Fiscal and Public Sector Reforms to Increase Investments and Government Efficiency

April 23, 2013


The people of the state of Alagoas benefitted from improved public sector management and increased access to better public services.

Valter Campanato/ABr.

The state of Alagoas, with technical and financial support from the World Bank, reduced its debt level ratio relative to revenue from 1.97 in 2008 to 1.62 in 2010 and increased investments from R$370 million in 2008 to R$847 million in 2010. Progress was achieved on the budget process, with the key process rating of A or B in the Public Expenditure and Financial Accountability (PEFA) scale. Some improvement was also recorded in procurement—the average number of days to complete a reverse auction declined from 146 to 95 days—and in social security reform, in which a capitalization fund was established for new civil servants.


Between 1985 and 2006, growth in Alagoas averaged only 1.8 percent, the lowest in Brazil’s Northeast region. Average economic growth in both the Northeast region and for Brazil as a whole reached 2.6 percent. The state has also experienced one of the most difficult fiscal situations in Brazil. Excessive personnel expenditures resulted in continuous fiscal deficits and high indebtedness. This, in turn, has hampered the state government’s ability to invest, and constrained the state’s capacity to provide adequate economic infrastructure and public service delivery.

These fiscal constraints caused a downward spiral, whereby weak state capacity led to a reduction in the quality of public services, lower economic growth and revenues, and a more precarious fiscal equation.


The financial support provided by the Bank loan gave immediate relief to the state’s financial situation. In addition, the Bank’s technical support allowed the state government to tackle the underlying issues that were generating poor fiscal outcomes. For instance, during project preparation, the Bank hired budget experts to assess practices and draft an action plan to improve the process. The implementation of the plan then became a tranche release condition in the loan and progress was tracked using Public Expenditure and Financial Accountability indicators.

A grant from the Bank’s Institutional Development Fund helped the state government reduce the number of days to conduct the procurement process. The state government also benefited from the experience of the Bank’s successful partnership with the state of Minas Gerais on results-based management. Finally, the state was able to comply with the fiscal targets established by Brazil’s Fiscal Responsibility Law and with the fiscal adjustment targets negotiated with the federal government as part of the 1990s restructuring of the state’s debt. This compliance, in turn, led the federal government to authorize the state to borrow once again from the Bank to leverage its own investment capacity.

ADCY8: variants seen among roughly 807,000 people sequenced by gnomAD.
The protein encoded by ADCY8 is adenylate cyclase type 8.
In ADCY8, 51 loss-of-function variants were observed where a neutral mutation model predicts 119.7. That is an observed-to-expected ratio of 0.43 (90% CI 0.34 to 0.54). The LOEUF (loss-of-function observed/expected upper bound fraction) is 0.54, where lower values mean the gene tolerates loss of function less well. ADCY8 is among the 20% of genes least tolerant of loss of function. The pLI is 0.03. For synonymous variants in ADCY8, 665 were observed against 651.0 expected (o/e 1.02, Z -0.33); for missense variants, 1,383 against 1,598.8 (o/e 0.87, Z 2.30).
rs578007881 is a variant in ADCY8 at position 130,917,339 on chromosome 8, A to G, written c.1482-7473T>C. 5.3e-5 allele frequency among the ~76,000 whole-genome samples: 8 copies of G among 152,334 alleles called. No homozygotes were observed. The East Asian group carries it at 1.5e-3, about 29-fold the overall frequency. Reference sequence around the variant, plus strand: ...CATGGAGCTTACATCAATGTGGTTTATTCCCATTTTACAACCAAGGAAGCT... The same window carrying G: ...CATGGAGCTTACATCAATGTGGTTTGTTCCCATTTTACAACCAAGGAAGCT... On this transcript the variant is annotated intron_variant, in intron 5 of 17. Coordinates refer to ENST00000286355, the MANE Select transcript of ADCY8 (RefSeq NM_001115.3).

As evidenced by Public Expenditure and Financial Accountability indicators, the state government improved its budget process. Similarly, the government improved its revenue management and the decision making process for expenditures. All in all, these improvements led to improved fiscal outcomes:

  • Increased primary surpluses (from R$408 million in 2008 to R$497 million in 2010).
  • Reduced ratio of debt to net revenues (from 197 to 162 percent).
  • Increased investments (from R$370 million in 2008 to R$847 million in 2010).

The project introduced a results-based management system and accompanying intensive monitoring processes for priority projects. As a result, by the end of 2010, the state government was closely monitoring 22 priority projects. Budget execution for these projects reached 32 percent in 2010 and 57 percent in 2011.

In 2011 after an administrative reform, the government elevated the status of the agency in charge of this task, creating the Department for Management Modernization (Superintendência de Modernização da Gestão) and expanded this successful experience to its flagship programs in the strategy called Alagoas is in a Hurry (Alagoas Tem Pressa).

Some results were also achieved in social security and human resources administration, such as the institution of a capitalization pension plan for new public servants and the realization of a civil servants census and payroll audit.


Between 1985 and 2006, growth in Alagoas averaged only 1.8 percent, the lowest in Brazil’s Northeast region.

Valter Campanato / ABr.

Bank Group Contribution

The Bank supported the state with a two-tranche Development Policy Loan in the amount of US$195 million. The first tranche was disbursed in December 2009 in the amount of US$120 million. The second tranche of US$74.96 million was disbursed in June 2010.


The project was entirely financed by the Bank.

Moving Forward

The Bank is preparing a follow-up investment loan to build upon the reforms and assist the government in its strategy to reduce poverty by strengthening the social programs’ cadastre and maternal health initiatives. The new loan will also support public sector reforms, especially in human resources.


The people of the state of Alagoas benefitted from improved public sector management and increased access to better public services.